Steamboat Springs News of Immigration and Customs Enforcement operations in the area late last week had an indirect effect on local businesses, from employees not showing up, to owners scrambling to catch up on paperwork.
ICE's three-day operation in Colorado and Wyoming led to 38 arrests, but only 5 occurred in Routt and Moffat counties, four of which were the result of a traffic stop in Hayden on Thursday.
"The reports of us going to hotels and construction sites in (Steamboat Springs) was inaccurate," Carl Rusnok, a regional spokesman for the federal immigration agency, said Friday.
Nonetheless, news of the raids had a ripple effect in Steamboat during the past few days. Kristi Brown, owner of Cantina and Mambo Italiano restaurants, said she and managers had to fill in for workers who didn't show up for work. Brown said all of her employees are documented, but that doesn't make dealing with ICE a pleasant experience.
"They just don't want to be hassled," Brown said. "The thing I compare it to is the IRS. Even if you pay your taxes, you still don't want to be audited."
Brown said the employee shortage didn't result in any loss of business.
"Everybody pitched in, and we were able to stay open," Brown said. "We've got a great team, and they definitely all proved it."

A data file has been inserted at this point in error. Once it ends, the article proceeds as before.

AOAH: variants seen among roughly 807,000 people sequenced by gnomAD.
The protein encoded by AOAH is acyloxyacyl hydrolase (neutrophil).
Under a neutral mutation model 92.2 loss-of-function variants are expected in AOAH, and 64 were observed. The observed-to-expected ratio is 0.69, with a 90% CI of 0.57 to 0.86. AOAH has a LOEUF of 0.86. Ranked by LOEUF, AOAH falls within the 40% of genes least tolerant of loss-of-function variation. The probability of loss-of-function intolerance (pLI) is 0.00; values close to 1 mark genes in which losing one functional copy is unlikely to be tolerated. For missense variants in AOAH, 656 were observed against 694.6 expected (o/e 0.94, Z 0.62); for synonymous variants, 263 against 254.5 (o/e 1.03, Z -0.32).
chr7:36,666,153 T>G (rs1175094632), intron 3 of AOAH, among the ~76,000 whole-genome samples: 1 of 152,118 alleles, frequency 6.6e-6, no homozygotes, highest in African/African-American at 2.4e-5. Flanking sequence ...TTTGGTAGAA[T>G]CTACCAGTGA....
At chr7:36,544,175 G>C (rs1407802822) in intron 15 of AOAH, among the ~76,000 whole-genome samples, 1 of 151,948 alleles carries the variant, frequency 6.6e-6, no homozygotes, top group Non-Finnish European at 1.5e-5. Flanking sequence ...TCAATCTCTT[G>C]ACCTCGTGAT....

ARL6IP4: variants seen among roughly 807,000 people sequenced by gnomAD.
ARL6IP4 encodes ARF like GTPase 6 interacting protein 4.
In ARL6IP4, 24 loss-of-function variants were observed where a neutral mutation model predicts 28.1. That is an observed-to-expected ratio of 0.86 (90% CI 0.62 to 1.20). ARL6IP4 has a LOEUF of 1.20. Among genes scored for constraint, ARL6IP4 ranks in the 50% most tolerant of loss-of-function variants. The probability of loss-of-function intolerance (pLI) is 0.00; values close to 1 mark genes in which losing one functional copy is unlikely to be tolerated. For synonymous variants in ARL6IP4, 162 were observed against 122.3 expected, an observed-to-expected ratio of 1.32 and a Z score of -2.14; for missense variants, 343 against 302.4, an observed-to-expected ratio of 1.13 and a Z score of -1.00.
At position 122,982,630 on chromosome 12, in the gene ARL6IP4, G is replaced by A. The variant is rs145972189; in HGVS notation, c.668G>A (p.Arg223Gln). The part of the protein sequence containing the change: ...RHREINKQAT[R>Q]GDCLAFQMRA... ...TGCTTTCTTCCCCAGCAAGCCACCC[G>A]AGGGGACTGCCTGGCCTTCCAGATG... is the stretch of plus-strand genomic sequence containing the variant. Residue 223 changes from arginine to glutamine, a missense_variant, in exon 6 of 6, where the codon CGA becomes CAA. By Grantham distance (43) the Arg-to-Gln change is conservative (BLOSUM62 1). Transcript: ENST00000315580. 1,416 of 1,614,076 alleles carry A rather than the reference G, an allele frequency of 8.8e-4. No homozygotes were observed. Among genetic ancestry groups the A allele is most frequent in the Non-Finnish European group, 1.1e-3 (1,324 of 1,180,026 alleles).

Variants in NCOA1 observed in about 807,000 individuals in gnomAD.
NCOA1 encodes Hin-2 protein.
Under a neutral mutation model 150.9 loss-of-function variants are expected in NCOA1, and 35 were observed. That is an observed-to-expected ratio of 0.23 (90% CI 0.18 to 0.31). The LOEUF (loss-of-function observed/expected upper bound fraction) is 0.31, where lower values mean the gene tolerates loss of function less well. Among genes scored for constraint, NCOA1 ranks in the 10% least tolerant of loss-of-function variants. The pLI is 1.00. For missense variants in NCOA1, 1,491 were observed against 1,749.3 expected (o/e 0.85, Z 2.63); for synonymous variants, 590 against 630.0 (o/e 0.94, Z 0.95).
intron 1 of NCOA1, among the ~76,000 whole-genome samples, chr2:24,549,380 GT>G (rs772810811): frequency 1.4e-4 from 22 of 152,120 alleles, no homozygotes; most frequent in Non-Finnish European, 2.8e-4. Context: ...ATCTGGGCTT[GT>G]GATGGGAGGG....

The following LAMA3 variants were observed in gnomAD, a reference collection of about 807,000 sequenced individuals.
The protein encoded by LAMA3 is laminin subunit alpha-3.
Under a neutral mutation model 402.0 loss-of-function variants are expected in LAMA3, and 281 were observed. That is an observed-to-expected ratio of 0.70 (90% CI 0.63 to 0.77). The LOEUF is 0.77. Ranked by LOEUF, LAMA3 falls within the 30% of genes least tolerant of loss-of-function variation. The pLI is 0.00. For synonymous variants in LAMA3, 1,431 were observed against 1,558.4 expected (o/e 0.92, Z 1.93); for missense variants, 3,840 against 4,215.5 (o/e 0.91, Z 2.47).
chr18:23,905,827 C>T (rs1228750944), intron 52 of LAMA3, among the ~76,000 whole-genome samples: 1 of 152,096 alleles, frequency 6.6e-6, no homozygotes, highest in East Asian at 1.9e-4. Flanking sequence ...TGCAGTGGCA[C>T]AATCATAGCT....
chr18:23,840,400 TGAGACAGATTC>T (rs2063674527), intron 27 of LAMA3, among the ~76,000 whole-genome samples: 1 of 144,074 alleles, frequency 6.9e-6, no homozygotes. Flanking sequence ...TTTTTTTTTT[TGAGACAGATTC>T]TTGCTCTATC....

Rex Brice, owner of Mazzola's and Rex's American Grill restaurants, said he had heard rumors about ICE being in the area, but that it didn't result in any of his workers not showing up.
"I did hear that they came through town and, of course, it prompted us to make sure all our paperwork was in order," Brice said.
Brice said immigration officials are very strict and particular when it comes to employee documentation, so he was sure to catch up and make sure everyone was taken care of.
The general manager of a local landscaping firm said five of the business's workers did not show up Friday despite the fact they are working legally.
"I'd say it's unfortunate that businesses have to go through this when there's not proper paths to citizenship," said the manger, who wished to remain anonymous.
To make up for the shortage, the manager, owner and even some girlfriends picked up the slack.
"You do what you can," the general manager said.
Lisa Duran, executive director of Rights for All People, a division of the Colorado Immigrant Rights Coalition, said the hesitancy of even legal immigrant workers to show up for work speaks to the insensitivity of the ICE raids.
"A lot of immigrants report daily discrimination," Duran said. "When you have that kind of hesitance and throw a raid on top of it, the immigrant community, including legals, are feeling very intimidated. There's just a sense that they need to lay low."
In addition to a hesitancy to go to work, Duran said immigrants are attending church less and not going out as much since ICE started intensifying its efforts last year.
"You can't use something like raids to target one part of the community without affecting other parts," Duran said.
Nationwide in 2005, ICE had 18 Fugitive Operations Teams, which are charged with identifying, locating and arresting fugitive aliens. They now have 61 teams and hope for 75 by the end of the year.
ICE defends the teams and their tactics, hailing their success. The agency announced Wednesday it has reduced the backlog of open fugitive alien cases in the country for the first time in U.S. history.
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